***I am really good at starting a blog post, leaving it in drafts and not getting back to it. Today, I decided to clean up my draft folder and came across this blog post I had written 4 years ago. We had gotten our first newborn foster baby and as often happens, I had several friends and family say, “I don’t think I can do that”. It triggered this post that stayed in my drafts folder until now.
The truth is, none of us really know for sure what we can or cannot handle unless we have tried. Little Bit left our care a couple months after I wrote this post. Hubby, the girls and I shed more than a few tears when we said good-bye. Selfishly, we wanted her to stay with us and we had to have a serious discussion on whether or not we could continue down the road of foster care. Thankfully, we decided to keep going and while it was hard saying good-bye to others, our lives were changed for the better. After all, had we given up and said, “I don’t think I can do this”, we wouldn’t have Arryn today and our lives are so much better because we permanently added her to our family. We gained much by not giving into the fear of heartache and pain.
There are still times when I think about re-licensing to do foster care again, but for so many reasons, now is not a good time. Instead, we treasure all the memories of Little Bit and the other kiddos that were part of our lives.
And now, the 4-yr-old post that has made its way out of my draft folder.***
Little Bit wakes up about every 2 hours to eat. For the most part, she falls right back asleep for another 2 hours, but this goes on all night. After 9 nights, I’m definitely feeling the effects of interrupted sleep.
Now I realize the advice is to nap when baby is napping, but with a cleaning and laundry and homeschooling and dishes and cooking and and and . . . . .
I do, however, find the time to sit and hold Little Bit. I don’t know how long she’ll be with us, but I want to make sure I’m doing everything I can to give her a solid foundation. It’s one of the more difficult things about foster care for me. I work very hard on attachment and once they leave my care, I have absolutely no idea what kind of care they are getting. So the time I have to hold her, talk to her, stroke her hair and kiss her little cheeks is precious.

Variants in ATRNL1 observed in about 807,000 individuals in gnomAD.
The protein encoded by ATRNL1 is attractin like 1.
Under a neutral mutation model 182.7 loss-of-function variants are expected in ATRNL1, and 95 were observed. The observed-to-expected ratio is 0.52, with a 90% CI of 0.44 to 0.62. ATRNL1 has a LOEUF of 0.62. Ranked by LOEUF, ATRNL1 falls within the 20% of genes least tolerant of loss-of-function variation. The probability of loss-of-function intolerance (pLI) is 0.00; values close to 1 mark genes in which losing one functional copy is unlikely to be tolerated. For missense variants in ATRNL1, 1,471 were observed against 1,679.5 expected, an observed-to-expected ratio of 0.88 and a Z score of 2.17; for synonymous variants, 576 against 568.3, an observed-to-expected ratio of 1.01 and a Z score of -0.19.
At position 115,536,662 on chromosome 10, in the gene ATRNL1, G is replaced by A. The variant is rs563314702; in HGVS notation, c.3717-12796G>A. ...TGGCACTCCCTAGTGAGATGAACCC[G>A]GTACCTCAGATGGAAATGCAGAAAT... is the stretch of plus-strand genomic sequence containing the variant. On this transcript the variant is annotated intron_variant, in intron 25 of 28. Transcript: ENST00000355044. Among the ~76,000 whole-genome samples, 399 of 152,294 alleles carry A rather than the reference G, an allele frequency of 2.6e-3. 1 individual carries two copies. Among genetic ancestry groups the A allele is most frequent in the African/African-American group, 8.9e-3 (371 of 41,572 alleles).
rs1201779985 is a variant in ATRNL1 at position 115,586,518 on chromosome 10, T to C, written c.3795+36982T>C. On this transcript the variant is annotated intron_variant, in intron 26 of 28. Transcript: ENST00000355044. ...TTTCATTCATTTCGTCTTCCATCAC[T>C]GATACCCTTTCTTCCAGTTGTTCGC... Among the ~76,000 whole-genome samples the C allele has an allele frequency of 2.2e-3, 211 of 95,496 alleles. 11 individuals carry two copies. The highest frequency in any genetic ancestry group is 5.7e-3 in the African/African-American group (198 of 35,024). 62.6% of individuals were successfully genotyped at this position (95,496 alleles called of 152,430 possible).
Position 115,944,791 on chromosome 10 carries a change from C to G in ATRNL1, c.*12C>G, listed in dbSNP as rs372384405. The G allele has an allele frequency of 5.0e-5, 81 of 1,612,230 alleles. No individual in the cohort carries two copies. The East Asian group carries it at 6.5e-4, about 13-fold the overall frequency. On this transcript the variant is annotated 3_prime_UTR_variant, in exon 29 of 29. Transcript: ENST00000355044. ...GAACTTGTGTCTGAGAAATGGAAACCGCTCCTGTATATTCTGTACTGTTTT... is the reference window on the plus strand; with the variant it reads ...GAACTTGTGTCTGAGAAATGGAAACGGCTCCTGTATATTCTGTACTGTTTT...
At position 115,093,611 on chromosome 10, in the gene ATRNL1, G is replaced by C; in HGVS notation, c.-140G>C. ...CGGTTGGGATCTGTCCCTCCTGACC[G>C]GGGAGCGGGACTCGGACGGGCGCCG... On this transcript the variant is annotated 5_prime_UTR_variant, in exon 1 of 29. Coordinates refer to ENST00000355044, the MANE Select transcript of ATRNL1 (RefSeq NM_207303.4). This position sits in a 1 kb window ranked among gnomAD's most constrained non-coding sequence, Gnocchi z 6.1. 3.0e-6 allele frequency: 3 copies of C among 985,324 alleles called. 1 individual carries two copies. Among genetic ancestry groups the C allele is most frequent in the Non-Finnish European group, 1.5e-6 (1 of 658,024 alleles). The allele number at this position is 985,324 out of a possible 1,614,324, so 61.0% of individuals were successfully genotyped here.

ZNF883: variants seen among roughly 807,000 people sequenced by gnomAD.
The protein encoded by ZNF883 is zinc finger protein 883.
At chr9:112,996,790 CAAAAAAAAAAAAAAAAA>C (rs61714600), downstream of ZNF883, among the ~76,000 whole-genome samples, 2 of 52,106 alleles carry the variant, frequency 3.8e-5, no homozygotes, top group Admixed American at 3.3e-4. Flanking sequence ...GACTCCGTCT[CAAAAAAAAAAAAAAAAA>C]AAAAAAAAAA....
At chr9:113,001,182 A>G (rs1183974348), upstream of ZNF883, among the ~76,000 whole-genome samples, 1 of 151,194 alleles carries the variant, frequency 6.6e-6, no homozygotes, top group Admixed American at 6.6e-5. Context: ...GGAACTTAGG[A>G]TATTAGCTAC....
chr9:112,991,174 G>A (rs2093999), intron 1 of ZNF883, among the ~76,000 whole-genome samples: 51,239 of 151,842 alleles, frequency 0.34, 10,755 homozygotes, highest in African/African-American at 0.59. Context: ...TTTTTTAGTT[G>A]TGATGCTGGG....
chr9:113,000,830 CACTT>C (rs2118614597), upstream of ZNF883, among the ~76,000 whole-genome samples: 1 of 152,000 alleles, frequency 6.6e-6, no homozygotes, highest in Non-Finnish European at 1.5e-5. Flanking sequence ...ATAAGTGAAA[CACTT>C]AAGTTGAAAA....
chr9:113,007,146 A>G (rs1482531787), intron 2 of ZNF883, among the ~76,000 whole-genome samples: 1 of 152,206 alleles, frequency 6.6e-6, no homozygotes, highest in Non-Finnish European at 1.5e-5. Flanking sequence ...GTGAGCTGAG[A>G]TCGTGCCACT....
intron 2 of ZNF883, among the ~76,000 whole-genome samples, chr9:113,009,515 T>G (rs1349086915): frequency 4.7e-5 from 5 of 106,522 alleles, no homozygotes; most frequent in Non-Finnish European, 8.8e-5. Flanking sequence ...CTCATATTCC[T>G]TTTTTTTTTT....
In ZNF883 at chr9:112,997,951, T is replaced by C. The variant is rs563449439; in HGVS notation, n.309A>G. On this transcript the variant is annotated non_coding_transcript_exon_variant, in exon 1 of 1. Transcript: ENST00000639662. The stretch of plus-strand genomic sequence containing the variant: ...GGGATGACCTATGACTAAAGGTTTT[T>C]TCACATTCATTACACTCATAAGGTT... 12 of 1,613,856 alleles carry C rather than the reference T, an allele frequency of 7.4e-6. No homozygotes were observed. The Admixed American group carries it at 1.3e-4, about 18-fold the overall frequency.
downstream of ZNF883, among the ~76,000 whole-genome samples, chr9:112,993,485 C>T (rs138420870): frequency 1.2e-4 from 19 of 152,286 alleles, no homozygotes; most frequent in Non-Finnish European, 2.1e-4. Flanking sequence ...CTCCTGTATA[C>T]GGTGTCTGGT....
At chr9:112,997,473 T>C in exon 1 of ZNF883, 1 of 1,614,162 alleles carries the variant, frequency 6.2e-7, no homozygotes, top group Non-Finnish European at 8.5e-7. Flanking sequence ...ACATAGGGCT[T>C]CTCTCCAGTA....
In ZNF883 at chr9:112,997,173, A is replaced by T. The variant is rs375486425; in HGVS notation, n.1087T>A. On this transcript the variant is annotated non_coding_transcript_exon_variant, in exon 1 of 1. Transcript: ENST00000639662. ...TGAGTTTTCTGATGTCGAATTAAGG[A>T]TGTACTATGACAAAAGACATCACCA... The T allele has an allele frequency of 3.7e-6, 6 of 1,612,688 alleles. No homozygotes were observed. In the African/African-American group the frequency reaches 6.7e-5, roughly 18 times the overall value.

This brings me to something I hear quite often . . . . “I don’t think I could do that.”
My question back is, “Why?”
Most of the time the answer is that they don’t think they can let them go, but I think if most were being completely honest, they would say they don’t want to give up that part of their life. They don’t want to open their hearts to a child in need. In other words, it’s not a matter of not being able, but it’s a matter of not having the desire.
You see, I love caring for and loving the children who come into my home. When they leave, it breaks my heart and for the kids who are old enough to understand, it breaks their heart too. Foster care shouldn’t be necessary. Anyone who has a child should be able to take care of them. Unfortunately, that isn’t always the case. Babies are born exposed or addicted to drugs. Children are left at home by themselves for a number of reasons. Children are physically or sexually abused. Children are living in deplorable conditions with cockroaches, mice and rats living with them. Children don’t have enough food to eat. Children don’t have appropriate clothes to wear. Sadly, children become the victims of parents inability to property provide a loving, nurturing and safe environment for their children and the reasons are plentiful.
My need and desire is to be here to love on the baby who has DT’s from being born exposed to cocaine. It’s to care for the child who is neglected because mom and dad needed to leave them unattended to go get their drug of choice. My job is to provide a nurturing and safe environment for the child who has a parent who can’t provide them adequate care due to severe mental illness. My job is to hold the child who is scared because he witnessed mommy and daddy fighting and then the police taking them away in handcuffs. My job is to help children discover what a life, outside the walls of their home looks like and help them realize that they can have that normalcy in their own lives. It’s a job that is physically, emotionally and mentally exhausting, but also rewarding in ways I can never explain.
So far, for one reason or another, all the children who have been in our care have moved on. Some moved on to other foster families for one reason or another. Some moved on to other family members. Yet all hold a very special place in my heart.
As I sit hear holding Little Bit and watch her sleep, I feel a great deal of love for this little baby who has only been with us 9 days. She needs me to be her mommy, if only temporarily and that is a job I take very seriously.
Her little hands with the long slender fingers sometimes wrapped around mine as if she is saying, I feel safe.
She sleeps soundly in my arms and if one day she leaves, my heart will be broken. Fortunately, my heart is big enough for more and sadly there will be more.
So don’t tell foster parents you don’t think you could do what we do. After all, no one really knows what they are capable of doing unless they try. And if you don’t want to try, that’s fine, just be there to provide support for the foster family in your life.